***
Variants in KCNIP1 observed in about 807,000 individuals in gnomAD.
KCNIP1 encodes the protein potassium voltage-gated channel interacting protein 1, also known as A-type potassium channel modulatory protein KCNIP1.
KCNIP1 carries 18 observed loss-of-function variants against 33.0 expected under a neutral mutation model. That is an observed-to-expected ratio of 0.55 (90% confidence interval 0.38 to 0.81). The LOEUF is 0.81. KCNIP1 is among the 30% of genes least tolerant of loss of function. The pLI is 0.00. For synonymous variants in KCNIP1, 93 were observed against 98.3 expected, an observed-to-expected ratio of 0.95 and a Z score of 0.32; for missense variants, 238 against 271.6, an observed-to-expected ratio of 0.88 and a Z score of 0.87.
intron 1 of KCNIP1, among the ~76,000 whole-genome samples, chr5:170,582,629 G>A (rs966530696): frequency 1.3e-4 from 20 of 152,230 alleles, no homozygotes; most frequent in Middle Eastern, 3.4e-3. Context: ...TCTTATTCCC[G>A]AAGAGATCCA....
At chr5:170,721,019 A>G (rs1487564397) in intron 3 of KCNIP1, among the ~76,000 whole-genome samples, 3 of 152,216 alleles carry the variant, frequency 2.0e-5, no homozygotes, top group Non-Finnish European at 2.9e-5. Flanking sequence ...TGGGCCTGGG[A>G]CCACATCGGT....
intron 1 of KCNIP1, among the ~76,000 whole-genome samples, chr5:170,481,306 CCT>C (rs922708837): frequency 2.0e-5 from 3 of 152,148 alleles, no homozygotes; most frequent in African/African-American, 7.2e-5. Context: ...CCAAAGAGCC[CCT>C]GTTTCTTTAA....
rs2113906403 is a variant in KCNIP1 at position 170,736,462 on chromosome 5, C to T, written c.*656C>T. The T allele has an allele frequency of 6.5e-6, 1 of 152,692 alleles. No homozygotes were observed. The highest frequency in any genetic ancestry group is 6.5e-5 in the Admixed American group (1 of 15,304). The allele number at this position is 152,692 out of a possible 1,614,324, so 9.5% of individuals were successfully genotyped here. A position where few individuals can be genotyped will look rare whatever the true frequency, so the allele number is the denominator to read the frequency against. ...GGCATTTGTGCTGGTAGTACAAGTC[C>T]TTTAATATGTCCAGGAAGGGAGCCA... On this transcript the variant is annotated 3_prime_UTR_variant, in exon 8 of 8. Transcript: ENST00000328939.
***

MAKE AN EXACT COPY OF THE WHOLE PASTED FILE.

Variants in KCNIP1 observed in about 807,000 individuals in gnomAD.
KCNIP1 encodes the protein potassium voltage-gated channel interacting protein 1, also known as A-type potassium channel modulatory protein KCNIP1.
KCNIP1 carries 18 observed loss-of-function variants against 33.0 expected under a neutral mutation model. That is an observed-to-expected ratio of 0.55 (90% confidence interval 0.38 to 0.81). The LOEUF is 0.81. KCNIP1 is among the 30% of genes least tolerant of loss of function. The pLI is 0.00. For synonymous variants in KCNIP1, 93 were observed against 98.3 expected, an observed-to-expected ratio of 0.95 and a Z score of 0.32; for missense variants, 238 against 271.6, an observed-to-expected ratio of 0.88 and a Z score of 0.87.
intron 1 of KCNIP1, among the ~76,000 whole-genome samples, chr5:170,582,629 G>A (rs966530696): frequency 1.3e-4 from 20 of 152,230 alleles, no homozygotes; most frequent in Middle Eastern, 3.4e-3. Context: ...TCTTATTCCC[G>A]AAGAGATCCA....
At chr5:170,721,019 A>G (rs1487564397) in intron 3 of KCNIP1, among the ~76,000 whole-genome samples, 3 of 152,216 alleles carry the variant, frequency 2.0e-5, no homozygotes, top group Non-Finnish European at 2.9e-5. Flanking sequence ...TGGGCCTGGG[A>G]CCACATCGGT....
intron 1 of KCNIP1, among the ~76,000 whole-genome samples, chr5:170,481,306 CCT>C (rs922708837): frequency 2.0e-5 from 3 of 152,148 alleles, no homozygotes; most frequent in African/African-American, 7.2e-5. Context: ...CCAAAGAGCC[CCT>C]GTTTCTTTAA....
rs2113906403 is a variant in KCNIP1 at position 170,736,462 on chromosome 5, C to T, written c.*656C>T. The T allele has an allele frequency of 6.5e-6, 1 of 152,692 alleles. No homozygotes were observed. The highest frequency in any genetic ancestry group is 6.5e-5 in the Admixed American group (1 of 15,304). The allele number at this position is 152,692 out of a possible 1,614,324, so 9.5% of individuals were successfully genotyped here. A position where few individuals can be genotyped will look rare whatever the true frequency, so the allele number is the denominator to read the frequency against. ...GGCATTTGTGCTGGTAGTACAAGTC[C>T]TTTAATATGTCCAGGAAGGGAGCCA... On this transcript the variant is annotated 3_prime_UTR_variant, in exon 8 of 8. Transcript: ENST00000328939.